When obsolete technology meets convergence culture: The case of VHS videocassettes

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Technological developments have led to a rethinking of how obsolete media should be treated when it becomes relatively inaccessible. This article focuses on Video Home System (VHS) videocassettes in digital culture. Using semi-structured interviews undertaken with people who converted their videocassettes into a digital format, this study explores the notion of participatory and convergence culture. It shows how media innovation results in emergent roles and functions for videocassettes, attributing new experiences and meanings to both digital and VHS formats. Specifically, divergence helps videocassette owners control and manage family memories, strengthening ties between family members and relations between friends. This culminates in the creation of an inherited object of memory. The findings indicate a lack of confidence in technology, especially in its ability to preserve family memories. In addition, it was found that a sort of spiritual power is attributed to videocassettes, which prevents their owners from throwing them away. This study offers a model of the divergence process and a set of terms relying on research into religion transformations and human–technology relations. These frameworks can be applied to participatory culture, more accurately accounting for old versus new media user behaviors.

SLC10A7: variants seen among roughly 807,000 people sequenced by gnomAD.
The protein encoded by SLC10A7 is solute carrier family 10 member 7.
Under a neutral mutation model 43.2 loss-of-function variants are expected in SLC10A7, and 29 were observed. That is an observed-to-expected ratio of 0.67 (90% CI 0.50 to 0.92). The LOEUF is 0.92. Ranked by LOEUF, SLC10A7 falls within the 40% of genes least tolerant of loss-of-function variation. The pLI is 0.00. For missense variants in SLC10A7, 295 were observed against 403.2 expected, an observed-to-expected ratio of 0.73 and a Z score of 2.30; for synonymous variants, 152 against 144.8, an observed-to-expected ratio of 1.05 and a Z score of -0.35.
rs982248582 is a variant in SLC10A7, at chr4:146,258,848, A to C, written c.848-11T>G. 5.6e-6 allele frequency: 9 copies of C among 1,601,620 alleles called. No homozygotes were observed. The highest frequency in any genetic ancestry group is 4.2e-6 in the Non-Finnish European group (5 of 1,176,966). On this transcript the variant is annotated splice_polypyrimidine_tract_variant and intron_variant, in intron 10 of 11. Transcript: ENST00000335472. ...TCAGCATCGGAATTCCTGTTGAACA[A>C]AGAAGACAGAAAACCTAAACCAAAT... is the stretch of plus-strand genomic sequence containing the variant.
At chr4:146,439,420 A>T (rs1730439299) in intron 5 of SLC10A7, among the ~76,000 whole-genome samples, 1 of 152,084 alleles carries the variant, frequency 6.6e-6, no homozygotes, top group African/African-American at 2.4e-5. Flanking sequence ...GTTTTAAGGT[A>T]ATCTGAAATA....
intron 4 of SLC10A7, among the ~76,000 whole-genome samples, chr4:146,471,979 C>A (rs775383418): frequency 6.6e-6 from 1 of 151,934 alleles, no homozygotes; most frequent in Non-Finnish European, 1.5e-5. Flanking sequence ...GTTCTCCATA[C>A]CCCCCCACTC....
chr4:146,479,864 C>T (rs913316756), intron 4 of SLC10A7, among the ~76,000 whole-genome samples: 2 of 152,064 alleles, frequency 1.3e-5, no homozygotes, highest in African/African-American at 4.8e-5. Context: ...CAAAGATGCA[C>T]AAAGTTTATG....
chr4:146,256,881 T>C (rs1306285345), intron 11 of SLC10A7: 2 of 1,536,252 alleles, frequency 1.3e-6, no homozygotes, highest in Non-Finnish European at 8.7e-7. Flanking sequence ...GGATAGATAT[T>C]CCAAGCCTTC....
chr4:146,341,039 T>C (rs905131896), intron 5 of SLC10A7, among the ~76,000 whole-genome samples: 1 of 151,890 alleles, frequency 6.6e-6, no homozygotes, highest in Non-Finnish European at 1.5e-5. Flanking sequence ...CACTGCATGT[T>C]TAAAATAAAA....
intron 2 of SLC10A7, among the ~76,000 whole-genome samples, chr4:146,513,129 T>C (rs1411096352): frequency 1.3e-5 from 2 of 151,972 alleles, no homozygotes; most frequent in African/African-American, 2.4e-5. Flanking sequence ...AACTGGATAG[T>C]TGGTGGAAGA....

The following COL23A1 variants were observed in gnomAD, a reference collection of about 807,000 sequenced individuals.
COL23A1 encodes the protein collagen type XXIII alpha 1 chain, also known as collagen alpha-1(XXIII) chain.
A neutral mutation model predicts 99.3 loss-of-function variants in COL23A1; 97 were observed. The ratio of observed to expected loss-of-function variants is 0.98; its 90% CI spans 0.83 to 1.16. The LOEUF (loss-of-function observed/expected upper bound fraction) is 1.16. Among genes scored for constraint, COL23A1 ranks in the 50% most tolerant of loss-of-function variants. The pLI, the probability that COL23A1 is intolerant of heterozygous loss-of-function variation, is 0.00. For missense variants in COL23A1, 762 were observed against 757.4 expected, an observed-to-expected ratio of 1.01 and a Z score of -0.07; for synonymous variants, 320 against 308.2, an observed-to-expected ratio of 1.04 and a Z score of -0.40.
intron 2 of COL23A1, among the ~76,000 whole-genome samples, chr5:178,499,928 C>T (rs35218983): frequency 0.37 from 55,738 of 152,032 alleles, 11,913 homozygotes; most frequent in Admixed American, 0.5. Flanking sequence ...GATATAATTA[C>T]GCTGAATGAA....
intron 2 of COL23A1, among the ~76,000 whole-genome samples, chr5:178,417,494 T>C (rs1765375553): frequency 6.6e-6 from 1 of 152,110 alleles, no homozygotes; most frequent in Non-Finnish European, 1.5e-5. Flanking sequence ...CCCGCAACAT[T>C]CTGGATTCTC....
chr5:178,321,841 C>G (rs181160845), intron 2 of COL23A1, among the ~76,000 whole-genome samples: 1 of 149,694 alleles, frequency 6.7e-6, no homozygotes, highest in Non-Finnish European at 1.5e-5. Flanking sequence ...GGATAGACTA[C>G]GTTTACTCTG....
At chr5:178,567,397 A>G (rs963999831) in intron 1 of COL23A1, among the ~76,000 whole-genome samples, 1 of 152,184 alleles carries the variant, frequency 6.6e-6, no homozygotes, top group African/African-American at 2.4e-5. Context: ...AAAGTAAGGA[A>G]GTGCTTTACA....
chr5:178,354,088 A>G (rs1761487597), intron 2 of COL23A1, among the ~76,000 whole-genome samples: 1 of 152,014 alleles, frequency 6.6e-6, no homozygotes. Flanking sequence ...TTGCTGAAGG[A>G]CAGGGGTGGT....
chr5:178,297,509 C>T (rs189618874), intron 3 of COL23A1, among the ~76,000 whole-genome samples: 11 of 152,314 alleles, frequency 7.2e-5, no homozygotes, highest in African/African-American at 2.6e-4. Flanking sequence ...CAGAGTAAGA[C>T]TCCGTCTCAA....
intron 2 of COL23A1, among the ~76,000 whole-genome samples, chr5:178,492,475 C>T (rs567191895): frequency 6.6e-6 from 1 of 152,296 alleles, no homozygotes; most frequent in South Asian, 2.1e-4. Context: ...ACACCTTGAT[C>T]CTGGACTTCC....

Original languageEnglish
Pages (from-to)21-35
Number of pages15
Issue number1
StatePublished - Feb 2021


  • Convergence culture
  • VHS videocassettes
  • digitalization
  • divergence and convergence
  • media memory object
  • old and new media
  • participatory culture


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